Addressing cultural difference requires creating opportunities for meaningful community participation for Aboriginal and Torres Strait Islander people in Australian life, such as education, employment and economic development. This approach must be designed and led by communities and be informed by respectful, yet robust, discussion.

Addressing complex disadvantage, in particular, requires services to be joined-up and better coordinated. Programs must address the social and economic issues together. We need to ensure that funding for community programs is maintained long enough for real change to occur.

For organisations like Save the Children working in Aboriginal and Torres Strait Islander communities, we must ensure that our engagement empowers these communities to be the active agents of the social and economic change they are seeking. This means we work along-side existing community leaders, we employ staff from within the community wherever possible and help build their skill and capability. In this way, when our work in that community is done, we leave behind a lasting legacy.

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Save the Children’s commitment to empowering the local community is one of the reasons why about 26 per cent of our 600 employees now identify as being of Aboriginal or Torres Strait Islander heritage. They also bring crucial cultural and community knowledge to our programs. They use local approaches to creating safe environments for children to thrive, including engaging with community Elders that give our programs guidance and an opportunity for us, as outsiders, to learn about our Country.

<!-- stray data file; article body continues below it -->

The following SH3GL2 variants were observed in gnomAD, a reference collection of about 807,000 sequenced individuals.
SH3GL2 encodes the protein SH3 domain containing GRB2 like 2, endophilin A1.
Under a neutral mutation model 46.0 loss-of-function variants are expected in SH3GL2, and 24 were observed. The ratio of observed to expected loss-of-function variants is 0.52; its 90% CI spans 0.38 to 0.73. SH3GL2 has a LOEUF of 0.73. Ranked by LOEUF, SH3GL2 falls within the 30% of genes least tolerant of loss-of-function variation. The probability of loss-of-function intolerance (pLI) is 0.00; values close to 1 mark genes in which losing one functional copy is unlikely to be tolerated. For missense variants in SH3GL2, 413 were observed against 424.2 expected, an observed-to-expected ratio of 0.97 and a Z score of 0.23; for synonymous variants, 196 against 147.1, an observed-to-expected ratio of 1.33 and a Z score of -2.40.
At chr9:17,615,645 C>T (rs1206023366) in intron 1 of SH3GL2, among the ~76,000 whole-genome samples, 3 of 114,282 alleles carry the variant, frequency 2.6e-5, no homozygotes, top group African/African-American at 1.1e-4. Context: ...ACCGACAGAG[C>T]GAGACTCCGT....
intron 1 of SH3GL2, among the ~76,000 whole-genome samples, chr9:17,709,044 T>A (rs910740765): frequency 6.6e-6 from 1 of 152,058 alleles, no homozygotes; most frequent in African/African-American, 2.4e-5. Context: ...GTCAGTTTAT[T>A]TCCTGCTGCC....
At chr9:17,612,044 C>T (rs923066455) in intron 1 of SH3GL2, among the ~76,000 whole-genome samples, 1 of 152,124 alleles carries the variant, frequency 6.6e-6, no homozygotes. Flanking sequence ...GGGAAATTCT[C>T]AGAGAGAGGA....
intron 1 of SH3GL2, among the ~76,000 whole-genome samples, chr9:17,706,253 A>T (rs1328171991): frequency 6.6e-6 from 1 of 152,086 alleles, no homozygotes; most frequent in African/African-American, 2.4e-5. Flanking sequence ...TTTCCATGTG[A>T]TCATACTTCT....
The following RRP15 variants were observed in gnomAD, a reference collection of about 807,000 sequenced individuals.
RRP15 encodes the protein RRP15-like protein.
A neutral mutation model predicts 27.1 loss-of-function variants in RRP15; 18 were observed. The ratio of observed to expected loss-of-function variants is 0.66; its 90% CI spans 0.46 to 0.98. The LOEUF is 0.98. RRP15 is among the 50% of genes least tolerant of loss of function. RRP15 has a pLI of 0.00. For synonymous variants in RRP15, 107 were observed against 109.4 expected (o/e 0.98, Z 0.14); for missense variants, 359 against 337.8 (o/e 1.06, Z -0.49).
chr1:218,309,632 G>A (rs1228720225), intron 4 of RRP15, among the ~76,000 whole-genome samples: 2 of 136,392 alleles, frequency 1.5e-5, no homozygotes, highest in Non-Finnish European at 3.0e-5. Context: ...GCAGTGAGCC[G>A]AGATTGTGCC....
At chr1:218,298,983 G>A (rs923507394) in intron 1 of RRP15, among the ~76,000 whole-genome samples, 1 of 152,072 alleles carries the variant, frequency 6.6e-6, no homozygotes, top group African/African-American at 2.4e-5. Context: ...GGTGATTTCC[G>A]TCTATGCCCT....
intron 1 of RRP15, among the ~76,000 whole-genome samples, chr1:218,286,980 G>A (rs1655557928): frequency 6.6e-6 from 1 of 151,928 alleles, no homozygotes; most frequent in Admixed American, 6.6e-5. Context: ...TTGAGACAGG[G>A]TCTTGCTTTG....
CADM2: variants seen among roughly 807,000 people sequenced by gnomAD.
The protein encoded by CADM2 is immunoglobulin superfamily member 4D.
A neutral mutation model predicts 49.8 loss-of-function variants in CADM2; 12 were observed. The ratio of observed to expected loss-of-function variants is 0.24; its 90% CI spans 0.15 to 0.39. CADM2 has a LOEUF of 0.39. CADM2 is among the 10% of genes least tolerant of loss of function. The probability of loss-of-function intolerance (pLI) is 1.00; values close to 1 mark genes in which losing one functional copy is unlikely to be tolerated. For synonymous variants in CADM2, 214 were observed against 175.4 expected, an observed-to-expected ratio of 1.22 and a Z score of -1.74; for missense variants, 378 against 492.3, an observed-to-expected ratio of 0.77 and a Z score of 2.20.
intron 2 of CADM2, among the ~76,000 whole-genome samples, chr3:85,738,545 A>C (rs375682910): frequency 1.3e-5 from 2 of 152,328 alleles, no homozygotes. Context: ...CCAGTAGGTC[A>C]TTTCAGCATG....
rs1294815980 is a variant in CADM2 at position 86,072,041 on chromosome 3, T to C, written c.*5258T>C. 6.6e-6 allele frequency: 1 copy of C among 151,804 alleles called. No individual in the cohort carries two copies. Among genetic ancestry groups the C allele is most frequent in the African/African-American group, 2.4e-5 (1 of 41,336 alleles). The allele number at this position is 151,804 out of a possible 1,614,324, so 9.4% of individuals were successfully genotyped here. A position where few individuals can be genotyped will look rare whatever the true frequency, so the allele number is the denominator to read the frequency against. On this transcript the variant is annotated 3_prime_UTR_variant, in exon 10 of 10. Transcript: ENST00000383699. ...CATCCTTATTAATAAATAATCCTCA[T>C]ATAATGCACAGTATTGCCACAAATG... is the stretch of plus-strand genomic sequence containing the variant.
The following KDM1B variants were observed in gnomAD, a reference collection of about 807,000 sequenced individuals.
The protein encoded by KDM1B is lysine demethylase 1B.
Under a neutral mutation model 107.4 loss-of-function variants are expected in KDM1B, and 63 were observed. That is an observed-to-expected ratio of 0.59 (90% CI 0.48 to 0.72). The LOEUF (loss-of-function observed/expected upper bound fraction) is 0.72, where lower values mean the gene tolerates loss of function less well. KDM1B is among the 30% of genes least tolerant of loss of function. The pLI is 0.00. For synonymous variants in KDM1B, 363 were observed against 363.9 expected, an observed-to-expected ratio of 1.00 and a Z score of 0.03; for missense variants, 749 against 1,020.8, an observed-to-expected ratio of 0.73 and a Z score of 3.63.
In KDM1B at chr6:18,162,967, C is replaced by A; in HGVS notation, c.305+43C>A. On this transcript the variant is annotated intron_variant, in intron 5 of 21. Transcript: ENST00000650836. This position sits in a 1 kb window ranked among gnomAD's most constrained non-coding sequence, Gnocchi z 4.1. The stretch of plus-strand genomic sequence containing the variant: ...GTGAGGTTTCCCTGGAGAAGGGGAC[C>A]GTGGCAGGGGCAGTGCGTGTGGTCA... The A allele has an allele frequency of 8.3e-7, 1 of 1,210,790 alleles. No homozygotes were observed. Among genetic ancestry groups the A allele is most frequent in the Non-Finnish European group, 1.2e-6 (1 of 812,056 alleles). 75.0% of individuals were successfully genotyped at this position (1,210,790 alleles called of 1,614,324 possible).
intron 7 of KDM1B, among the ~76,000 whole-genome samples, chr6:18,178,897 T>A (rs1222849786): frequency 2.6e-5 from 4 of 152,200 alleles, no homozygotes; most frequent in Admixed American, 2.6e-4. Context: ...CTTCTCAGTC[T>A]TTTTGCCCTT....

The proportion of our staff who identify as Aboriginal and Torres Strait Islander increases the more remote the location. In some areas, more than 90 per cent of our local staff are Aboriginal.

But we are the first to admit we have a long way to go.

Photo Credit: Save The Children

Save the Children must do better to reach its goal of at least 35 per cent Aboriginal and Torres Strait Islander employment by mid next year. It is an important target of our mission to create lasting change for children in Australia.

We also know we must continue to respectfully exit when communities are ready to take on our programs and ensure we build this strategy into our work from day one. This only occurs through mutually respectful partnerships with the community and a process of two-way learning.

Sustainable exit planning and building readiness for transition to community control are embedded in our approach to service provision.

For example, earlier this year, we transitioned our playgroup in regional New South Wales to Maari Ma Health, the local Aboriginal primary healthcare provider. They took on the service and existing Save the Children staff in a staged transition to community control.

Around the same time, one of our family violence refuges on the Dampier Peninsula, Western Australia, was transitioned to management under Djarindjin Aboriginal Corporation after several years of management by Save the Children.